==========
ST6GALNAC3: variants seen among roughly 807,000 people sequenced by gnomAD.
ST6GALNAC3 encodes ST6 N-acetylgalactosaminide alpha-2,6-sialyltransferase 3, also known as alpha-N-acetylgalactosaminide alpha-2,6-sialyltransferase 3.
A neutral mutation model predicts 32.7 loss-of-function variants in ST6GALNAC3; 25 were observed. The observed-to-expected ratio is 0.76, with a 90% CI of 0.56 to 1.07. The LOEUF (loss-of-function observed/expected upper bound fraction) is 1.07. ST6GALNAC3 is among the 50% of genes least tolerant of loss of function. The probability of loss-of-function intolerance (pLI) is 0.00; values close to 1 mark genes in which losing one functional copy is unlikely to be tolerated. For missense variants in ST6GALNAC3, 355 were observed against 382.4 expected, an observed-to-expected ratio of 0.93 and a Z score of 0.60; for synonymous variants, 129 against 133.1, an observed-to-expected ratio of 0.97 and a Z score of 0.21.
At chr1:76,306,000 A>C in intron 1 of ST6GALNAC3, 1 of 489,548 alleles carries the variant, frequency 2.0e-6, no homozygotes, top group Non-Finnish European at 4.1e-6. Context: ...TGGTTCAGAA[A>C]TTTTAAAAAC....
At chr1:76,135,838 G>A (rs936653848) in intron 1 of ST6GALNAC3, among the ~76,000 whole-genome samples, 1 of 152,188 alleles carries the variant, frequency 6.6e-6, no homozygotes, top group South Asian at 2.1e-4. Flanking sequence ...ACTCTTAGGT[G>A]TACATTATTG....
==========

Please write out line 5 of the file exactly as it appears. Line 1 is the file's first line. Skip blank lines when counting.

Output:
At chr1:76,135,838 G>A (rs936653848) in intron 1 of ST6GALNAC3, among the ~76,000 whole-genome samples, 1 of 152,188 alleles carries the variant, frequency 6.6e-6, no homozygotes, top group South Asian at 2.1e-4. Flanking sequence ...ACTCTTAGGT[G>A]TACATTATTG....